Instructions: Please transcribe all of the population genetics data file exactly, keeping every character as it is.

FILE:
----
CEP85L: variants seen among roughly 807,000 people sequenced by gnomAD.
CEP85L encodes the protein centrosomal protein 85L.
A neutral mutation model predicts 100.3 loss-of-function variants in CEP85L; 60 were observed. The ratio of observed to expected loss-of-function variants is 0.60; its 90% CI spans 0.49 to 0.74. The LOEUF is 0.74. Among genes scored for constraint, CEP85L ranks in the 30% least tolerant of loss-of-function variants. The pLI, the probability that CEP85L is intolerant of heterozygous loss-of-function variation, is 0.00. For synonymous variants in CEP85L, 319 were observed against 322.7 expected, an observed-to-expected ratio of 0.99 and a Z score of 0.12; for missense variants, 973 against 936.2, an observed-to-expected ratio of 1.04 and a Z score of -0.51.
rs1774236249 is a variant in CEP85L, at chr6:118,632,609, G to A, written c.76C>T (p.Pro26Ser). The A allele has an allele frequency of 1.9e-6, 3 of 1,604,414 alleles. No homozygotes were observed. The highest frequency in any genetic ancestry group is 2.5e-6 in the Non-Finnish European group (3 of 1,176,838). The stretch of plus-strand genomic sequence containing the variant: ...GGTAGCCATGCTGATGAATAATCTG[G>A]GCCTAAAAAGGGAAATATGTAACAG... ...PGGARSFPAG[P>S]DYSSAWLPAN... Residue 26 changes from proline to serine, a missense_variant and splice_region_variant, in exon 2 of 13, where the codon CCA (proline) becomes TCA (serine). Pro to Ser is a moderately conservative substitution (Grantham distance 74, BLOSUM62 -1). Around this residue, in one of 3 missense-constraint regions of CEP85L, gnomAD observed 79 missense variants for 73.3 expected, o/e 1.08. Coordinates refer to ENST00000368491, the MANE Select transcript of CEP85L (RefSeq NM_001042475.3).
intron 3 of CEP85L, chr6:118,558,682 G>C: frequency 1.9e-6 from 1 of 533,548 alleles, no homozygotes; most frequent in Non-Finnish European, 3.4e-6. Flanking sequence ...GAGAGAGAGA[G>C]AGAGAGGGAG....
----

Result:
CEP85L: variants seen among roughly 807,000 people sequenced by gnomAD.
CEP85L encodes the protein centrosomal protein 85L.
A neutral mutation model predicts 100.3 loss-of-function variants in CEP85L; 60 were observed. The ratio of observed to expected loss-of-function variants is 0.60; its 90% CI spans 0.49 to 0.74. The LOEUF is 0.74. Among genes scored for constraint, CEP85L ranks in the 30% least tolerant of loss-of-function variants. The pLI, the probability that CEP85L is intolerant of heterozygous loss-of-function variation, is 0.00. For synonymous variants in CEP85L, 319 were observed against 322.7 expected, an observed-to-expected ratio of 0.99 and a Z score of 0.12; for missense variants, 973 against 936.2, an observed-to-expected ratio of 1.04 and a Z score of -0.51.
rs1774236249 is a variant in CEP85L, at chr6:118,632,609, G to A, written c.76C>T (p.Pro26Ser). The A allele has an allele frequency of 1.9e-6, 3 of 1,604,414 alleles. No homozygotes were observed. The highest frequency in any genetic ancestry group is 2.5e-6 in the Non-Finnish European group (3 of 1,176,838). The stretch of plus-strand genomic sequence containing the variant: ...GGTAGCCATGCTGATGAATAATCTG[G>A]GCCTAAAAAGGGAAATATGTAACAG... ...PGGARSFPAG[P>S]DYSSAWLPAN... Residue 26 changes from proline to serine, a missense_variant and splice_region_variant, in exon 2 of 13, where the codon CCA (proline) becomes TCA (serine). Pro to Ser is a moderately conservative substitution (Grantham distance 74, BLOSUM62 -1). Around this residue, in one of 3 missense-constraint regions of CEP85L, gnomAD observed 79 missense variants for 73.3 expected, o/e 1.08. Coordinates refer to ENST00000368491, the MANE Select transcript of CEP85L (RefSeq NM_001042475.3).
intron 3 of CEP85L, chr6:118,558,682 G>C: frequency 1.9e-6 from 1 of 533,548 alleles, no homozygotes; most frequent in Non-Finnish European, 3.4e-6. Flanking sequence ...GAGAGAGAGA[G>C]AGAGAGGGAG....